Introduction: We examined whether an attentional bias modification (ABM) procedure would produce a persistent and generalizable change in attentional bias, and influence subjective craving and tobacco-seeking behavior, among tobacco smokers.
Methods: Seventy-two cigarette smokers were randomly allocated to groups before completing a modified visual probe task in which their attentional bias for smoking-related cues was increased ("attend smoking" group), reduced ("avoid smoking" group), or not manipulated (control group).
Results: The ABM produced the predicted changes in attentional bias, although these effects were short lasting, and there was no evidence of generalization either to novel smoking-related stimuli or to performance on a different measure of attentional bias (the pictorial Stroop task). ABM had no effects on subjective craving or behavioral measures of tobacco seeking.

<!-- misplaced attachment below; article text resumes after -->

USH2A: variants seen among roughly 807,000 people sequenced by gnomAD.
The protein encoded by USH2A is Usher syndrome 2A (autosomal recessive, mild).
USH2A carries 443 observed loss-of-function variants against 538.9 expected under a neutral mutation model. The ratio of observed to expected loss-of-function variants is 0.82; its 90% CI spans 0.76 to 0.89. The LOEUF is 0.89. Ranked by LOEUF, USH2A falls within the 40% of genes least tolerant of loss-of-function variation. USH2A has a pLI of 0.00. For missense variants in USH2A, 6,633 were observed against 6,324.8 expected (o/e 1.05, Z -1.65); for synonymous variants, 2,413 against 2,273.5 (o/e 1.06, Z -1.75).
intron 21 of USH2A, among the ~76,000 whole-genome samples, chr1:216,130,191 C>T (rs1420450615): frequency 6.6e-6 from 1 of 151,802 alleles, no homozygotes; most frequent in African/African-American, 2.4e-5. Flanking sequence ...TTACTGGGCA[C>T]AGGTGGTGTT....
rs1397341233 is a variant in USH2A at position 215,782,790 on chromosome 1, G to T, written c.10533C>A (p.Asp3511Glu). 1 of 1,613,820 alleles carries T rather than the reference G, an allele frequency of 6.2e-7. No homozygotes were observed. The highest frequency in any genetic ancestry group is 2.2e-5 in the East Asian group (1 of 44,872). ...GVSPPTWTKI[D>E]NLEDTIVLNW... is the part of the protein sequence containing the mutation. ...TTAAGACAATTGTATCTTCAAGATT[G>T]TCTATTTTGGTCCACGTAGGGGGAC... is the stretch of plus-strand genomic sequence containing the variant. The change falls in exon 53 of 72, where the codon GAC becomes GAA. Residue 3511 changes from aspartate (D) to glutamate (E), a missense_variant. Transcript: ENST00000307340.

Discussion: These results add to a growing body of literature that suggests that a single session of ABM does not produce generalizable effects, and effects on craving and drug seeking are inconsistent across studies. Theoretical implications and directions for future research are discussed.